NJ Proposed Law Aims to Fill ‘Gap’ in Structural Inspection of Buildings
Triggered by the deadly collapse of a condominium complex in another state one year ago, lawmakers in New Jersey are looking to advance legislation that would step up the inspection protocol here for multifamily housing structures going forward.
Legislators suggest New Jersey's building code is among the strictest in the nation. However, they say, a focus on the structural integrity of multifamily dwellings, similar to Champlain Towers in Surfside, Florida, appears to be lacking.
"We're trying to fill in that gap, give folks peace of mind," Sen. Troy Singleton, D-Burlington, told New Jersey 101.5.
Singleton's bill aims to add to the state's construction code a requirement that certain buildings, and the plans for those buildings, be reviewed by a structural inspector pre-construction, during the build, and post-construction.
Specifically, the expert would be tasked with confirming that the primary load bearing system for a building matches its plans. A certificate of occupancy would not be issued unless that confirmation is made, and until other structural issues noted in the expert's report are addressed.
Currently, the New Jersey Department of Community Affairs conducts certain building inspections on a cyclical cycle. But, the bill notes, those inspections are focused on maintenance issues and habitability concerns — heating, infestation, and lead hazards, for example. In addition, the inspections are not required to be be conducted by an engineer or other expert.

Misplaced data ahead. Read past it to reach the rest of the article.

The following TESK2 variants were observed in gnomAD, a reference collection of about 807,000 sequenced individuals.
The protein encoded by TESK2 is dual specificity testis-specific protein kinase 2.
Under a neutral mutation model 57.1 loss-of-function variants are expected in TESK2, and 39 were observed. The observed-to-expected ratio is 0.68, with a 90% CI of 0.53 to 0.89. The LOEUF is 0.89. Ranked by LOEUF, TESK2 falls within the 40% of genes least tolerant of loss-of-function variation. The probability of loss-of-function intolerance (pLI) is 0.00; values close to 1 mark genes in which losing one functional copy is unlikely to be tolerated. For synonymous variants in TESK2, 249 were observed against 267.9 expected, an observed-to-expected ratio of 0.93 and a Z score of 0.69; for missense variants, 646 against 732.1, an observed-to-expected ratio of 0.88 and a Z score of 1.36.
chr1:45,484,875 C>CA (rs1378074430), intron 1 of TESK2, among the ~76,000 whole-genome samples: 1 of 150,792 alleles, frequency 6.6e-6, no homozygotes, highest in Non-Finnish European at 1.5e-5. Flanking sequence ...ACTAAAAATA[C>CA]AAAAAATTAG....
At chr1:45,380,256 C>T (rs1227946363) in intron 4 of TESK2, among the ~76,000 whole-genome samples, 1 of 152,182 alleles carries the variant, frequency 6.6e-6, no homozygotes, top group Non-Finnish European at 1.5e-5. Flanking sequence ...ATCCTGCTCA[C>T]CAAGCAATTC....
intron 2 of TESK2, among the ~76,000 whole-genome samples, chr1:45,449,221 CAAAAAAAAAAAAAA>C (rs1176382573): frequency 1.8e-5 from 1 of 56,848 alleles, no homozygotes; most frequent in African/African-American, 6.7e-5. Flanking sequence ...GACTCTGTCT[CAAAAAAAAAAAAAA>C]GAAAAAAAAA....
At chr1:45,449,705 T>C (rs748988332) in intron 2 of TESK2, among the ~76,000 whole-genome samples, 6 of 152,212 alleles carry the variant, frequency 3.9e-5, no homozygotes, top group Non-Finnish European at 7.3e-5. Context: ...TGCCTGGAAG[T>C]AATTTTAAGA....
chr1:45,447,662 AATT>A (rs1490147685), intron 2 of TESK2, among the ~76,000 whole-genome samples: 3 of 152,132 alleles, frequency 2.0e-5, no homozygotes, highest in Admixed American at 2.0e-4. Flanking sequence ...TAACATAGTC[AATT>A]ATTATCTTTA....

As part of the proposed law, housing associations would be required to conduct a capital reserve study, through an expert, to ensure there would be adequate funds to address structural integrity issues down the line. Further, the association would have to create and fund a plan to ensure that they wouldn't have to turn to a loan obligation or special assessment to take on these critical repairs.
The measure also requires that developers prepare a document setting up a schedule for preventative maintenance tasks, such as periodic inspections of the structural components of the buildings or common areas.
"I thought that we could take a more proactive stance to guard against something happening," Singleton said.
A true cause of the Surfside condo collapse remains under investigation, but multiple reports have pointed to major structural issues.
A measure introduced last fall by Sen. Samuel Thompson, R-Middlesex, would have required inspections every five years for buildings 40 years and older. The measure did not advance beyond introduction.
Singleton's bill has been referred to the Senate Community and Urban Affairs Committee, which he chairs. An Assembly version of the bill was introduced on June 27 by Assemblywoman Yvonne Lopez, D-Middlesex.